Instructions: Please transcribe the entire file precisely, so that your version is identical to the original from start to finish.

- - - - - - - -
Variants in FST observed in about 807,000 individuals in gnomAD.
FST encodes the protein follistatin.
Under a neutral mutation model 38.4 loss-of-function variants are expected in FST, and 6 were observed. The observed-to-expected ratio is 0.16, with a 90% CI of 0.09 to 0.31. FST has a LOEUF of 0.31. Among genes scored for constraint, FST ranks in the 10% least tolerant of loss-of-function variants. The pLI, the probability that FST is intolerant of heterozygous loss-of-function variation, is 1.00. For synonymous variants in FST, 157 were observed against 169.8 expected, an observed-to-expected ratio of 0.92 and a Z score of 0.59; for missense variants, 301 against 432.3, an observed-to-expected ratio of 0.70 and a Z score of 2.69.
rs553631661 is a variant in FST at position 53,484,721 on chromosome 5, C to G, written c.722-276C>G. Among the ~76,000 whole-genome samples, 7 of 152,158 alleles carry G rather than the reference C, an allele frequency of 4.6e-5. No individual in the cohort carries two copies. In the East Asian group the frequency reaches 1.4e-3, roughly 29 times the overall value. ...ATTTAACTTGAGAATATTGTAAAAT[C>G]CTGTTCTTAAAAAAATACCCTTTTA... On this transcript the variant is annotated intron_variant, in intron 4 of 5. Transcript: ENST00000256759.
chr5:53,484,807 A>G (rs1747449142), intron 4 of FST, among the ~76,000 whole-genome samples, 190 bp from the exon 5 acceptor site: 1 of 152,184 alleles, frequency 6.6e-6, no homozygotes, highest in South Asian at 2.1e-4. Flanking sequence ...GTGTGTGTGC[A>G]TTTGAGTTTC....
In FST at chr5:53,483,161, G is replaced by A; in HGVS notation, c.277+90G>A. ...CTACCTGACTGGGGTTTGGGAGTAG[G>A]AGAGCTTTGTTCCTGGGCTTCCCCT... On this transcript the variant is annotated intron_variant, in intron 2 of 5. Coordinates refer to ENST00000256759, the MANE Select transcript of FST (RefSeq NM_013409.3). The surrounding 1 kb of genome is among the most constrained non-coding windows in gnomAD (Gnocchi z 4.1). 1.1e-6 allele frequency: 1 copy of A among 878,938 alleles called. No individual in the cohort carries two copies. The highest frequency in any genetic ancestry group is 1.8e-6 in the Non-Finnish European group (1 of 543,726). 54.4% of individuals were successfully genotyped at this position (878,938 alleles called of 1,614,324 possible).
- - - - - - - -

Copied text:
Variants in FST observed in about 807,000 individuals in gnomAD.
FST encodes the protein follistatin.
Under a neutral mutation model 38.4 loss-of-function variants are expected in FST, and 6 were observed. The observed-to-expected ratio is 0.16, with a 90% CI of 0.09 to 0.31. FST has a LOEUF of 0.31. Among genes scored for constraint, FST ranks in the 10% least tolerant of loss-of-function variants. The pLI, the probability that FST is intolerant of heterozygous loss-of-function variation, is 1.00. For synonymous variants in FST, 157 were observed against 169.8 expected, an observed-to-expected ratio of 0.92 and a Z score of 0.59; for missense variants, 301 against 432.3, an observed-to-expected ratio of 0.70 and a Z score of 2.69.
rs553631661 is a variant in FST at position 53,484,721 on chromosome 5, C to G, written c.722-276C>G. Among the ~76,000 whole-genome samples, 7 of 152,158 alleles carry G rather than the reference C, an allele frequency of 4.6e-5. No individual in the cohort carries two copies. In the East Asian group the frequency reaches 1.4e-3, roughly 29 times the overall value. ...ATTTAACTTGAGAATATTGTAAAAT[C>G]CTGTTCTTAAAAAAATACCCTTTTA... On this transcript the variant is annotated intron_variant, in intron 4 of 5. Transcript: ENST00000256759.
chr5:53,484,807 A>G (rs1747449142), intron 4 of FST, among the ~76,000 whole-genome samples, 190 bp from the exon 5 acceptor site: 1 of 152,184 alleles, frequency 6.6e-6, no homozygotes, highest in South Asian at 2.1e-4. Flanking sequence ...GTGTGTGTGC[A>G]TTTGAGTTTC....
In FST at chr5:53,483,161, G is replaced by A; in HGVS notation, c.277+90G>A. ...CTACCTGACTGGGGTTTGGGAGTAG[G>A]AGAGCTTTGTTCCTGGGCTTCCCCT... On this transcript the variant is annotated intron_variant, in intron 2 of 5. Coordinates refer to ENST00000256759, the MANE Select transcript of FST (RefSeq NM_013409.3). The surrounding 1 kb of genome is among the most constrained non-coding windows in gnomAD (Gnocchi z 4.1). 1.1e-6 allele frequency: 1 copy of A among 878,938 alleles called. No individual in the cohort carries two copies. The highest frequency in any genetic ancestry group is 1.8e-6 in the Non-Finnish European group (1 of 543,726). 54.4% of individuals were successfully genotyped at this position (878,938 alleles called of 1,614,324 possible).